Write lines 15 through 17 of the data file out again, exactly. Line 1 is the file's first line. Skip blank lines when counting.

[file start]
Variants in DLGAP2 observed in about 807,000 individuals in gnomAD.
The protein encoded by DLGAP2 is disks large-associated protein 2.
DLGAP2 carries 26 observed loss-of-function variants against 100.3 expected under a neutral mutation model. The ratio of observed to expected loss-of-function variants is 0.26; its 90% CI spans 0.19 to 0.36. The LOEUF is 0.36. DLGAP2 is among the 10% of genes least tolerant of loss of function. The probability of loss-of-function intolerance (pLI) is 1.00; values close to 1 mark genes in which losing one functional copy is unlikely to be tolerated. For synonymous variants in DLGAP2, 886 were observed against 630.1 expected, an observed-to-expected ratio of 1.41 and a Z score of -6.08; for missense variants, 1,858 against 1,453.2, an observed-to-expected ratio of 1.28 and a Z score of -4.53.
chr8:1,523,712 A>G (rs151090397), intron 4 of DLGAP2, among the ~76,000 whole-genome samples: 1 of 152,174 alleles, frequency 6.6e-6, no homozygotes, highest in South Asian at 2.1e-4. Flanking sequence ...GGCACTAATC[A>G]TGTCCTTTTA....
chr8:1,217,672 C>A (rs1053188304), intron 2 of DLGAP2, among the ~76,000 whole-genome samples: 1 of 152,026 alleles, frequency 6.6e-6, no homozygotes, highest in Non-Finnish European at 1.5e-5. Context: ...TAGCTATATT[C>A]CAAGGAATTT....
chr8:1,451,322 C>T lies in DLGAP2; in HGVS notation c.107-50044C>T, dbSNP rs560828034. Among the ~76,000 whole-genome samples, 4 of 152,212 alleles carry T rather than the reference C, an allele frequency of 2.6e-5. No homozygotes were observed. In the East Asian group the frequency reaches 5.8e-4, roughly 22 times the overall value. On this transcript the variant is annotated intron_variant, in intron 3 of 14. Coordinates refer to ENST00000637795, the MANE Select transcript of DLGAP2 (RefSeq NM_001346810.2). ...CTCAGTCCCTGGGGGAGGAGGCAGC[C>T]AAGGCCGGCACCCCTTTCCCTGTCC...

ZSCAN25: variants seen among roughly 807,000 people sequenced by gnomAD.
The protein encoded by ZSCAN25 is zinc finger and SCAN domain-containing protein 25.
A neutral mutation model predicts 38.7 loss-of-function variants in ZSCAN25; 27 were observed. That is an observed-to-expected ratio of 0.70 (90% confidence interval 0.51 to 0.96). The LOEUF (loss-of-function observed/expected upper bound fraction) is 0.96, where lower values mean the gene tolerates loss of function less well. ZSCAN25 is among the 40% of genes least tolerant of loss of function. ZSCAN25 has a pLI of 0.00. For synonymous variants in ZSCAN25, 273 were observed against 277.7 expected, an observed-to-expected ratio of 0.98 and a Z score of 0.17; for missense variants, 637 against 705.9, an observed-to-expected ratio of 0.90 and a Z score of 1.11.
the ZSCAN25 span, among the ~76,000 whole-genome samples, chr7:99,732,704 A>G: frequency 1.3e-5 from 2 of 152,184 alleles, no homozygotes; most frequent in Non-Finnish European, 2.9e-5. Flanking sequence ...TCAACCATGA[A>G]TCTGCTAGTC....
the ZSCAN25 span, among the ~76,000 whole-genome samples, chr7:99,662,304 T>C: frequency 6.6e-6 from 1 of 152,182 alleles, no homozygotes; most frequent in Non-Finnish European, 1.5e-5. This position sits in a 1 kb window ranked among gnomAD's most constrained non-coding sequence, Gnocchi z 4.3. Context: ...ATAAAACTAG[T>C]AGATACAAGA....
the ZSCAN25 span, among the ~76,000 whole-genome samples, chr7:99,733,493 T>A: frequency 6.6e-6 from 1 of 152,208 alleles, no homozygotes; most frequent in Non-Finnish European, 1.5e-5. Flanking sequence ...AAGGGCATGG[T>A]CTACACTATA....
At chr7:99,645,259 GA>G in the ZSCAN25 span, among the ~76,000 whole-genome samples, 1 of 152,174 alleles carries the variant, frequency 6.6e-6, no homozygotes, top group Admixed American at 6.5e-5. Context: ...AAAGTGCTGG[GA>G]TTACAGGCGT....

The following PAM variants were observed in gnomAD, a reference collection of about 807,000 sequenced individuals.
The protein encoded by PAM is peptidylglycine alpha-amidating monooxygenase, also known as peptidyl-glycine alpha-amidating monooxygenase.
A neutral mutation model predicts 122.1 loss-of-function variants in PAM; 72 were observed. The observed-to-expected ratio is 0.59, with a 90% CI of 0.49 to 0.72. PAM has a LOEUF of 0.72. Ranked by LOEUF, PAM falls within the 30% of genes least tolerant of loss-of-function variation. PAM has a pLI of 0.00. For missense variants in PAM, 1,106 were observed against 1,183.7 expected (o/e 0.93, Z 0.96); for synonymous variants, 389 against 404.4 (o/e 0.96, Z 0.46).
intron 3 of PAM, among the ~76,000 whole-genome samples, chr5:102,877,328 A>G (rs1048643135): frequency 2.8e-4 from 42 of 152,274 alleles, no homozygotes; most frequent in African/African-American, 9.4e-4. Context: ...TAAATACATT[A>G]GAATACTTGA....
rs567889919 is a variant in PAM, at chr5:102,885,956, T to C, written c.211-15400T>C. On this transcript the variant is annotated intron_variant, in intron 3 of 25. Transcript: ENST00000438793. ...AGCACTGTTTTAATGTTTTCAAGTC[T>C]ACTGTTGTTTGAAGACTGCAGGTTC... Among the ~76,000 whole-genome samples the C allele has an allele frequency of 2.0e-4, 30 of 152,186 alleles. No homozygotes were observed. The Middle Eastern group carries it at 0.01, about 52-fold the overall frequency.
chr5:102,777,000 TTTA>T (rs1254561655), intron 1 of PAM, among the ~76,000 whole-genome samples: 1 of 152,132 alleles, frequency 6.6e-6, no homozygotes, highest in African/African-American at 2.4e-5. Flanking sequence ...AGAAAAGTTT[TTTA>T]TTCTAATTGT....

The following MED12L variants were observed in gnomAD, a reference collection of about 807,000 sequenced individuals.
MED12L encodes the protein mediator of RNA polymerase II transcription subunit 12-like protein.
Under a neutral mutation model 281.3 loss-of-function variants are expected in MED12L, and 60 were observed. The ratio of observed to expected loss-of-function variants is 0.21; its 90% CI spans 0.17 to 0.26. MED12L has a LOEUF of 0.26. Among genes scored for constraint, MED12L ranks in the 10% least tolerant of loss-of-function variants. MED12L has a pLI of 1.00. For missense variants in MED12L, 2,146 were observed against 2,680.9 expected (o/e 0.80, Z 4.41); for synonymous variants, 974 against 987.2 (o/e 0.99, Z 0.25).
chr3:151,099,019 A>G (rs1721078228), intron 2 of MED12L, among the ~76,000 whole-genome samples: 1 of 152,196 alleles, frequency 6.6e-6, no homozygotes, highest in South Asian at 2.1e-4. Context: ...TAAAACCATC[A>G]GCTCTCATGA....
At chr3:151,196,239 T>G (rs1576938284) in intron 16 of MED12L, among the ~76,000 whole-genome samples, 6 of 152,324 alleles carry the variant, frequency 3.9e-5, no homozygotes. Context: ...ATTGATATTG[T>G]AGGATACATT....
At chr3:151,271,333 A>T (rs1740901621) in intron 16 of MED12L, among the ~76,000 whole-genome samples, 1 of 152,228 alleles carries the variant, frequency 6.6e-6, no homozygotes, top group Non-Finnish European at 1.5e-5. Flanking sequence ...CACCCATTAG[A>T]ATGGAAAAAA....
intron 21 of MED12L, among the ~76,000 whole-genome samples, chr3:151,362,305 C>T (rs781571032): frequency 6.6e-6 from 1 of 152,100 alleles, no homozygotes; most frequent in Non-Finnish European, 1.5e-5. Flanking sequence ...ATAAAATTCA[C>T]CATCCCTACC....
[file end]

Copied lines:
The protein encoded by PAM is peptidylglycine alpha-amidating monooxygenase, also known as peptidyl-glycine alpha-amidating monooxygenase.
A neutral mutation model predicts 122.1 loss-of-function variants in PAM; 72 were observed. The observed-to-expected ratio is 0.59, with a 90% CI of 0.49 to 0.72. PAM has a LOEUF of 0.72. Ranked by LOEUF, PAM falls within the 30% of genes least tolerant of loss-of-function variation. PAM has a pLI of 0.00. For missense variants in PAM, 1,106 were observed against 1,183.7 expected (o/e 0.93, Z 0.96); for synonymous variants, 389 against 404.4 (o/e 0.96, Z 0.46).
intron 3 of PAM, among the ~76,000 whole-genome samples, chr5:102,877,328 A>G (rs1048643135): frequency 2.8e-4 from 42 of 152,274 alleles, no homozygotes; most frequent in African/African-American, 9.4e-4. Context: ...TAAATACATT[A>G]GAATACTTGA....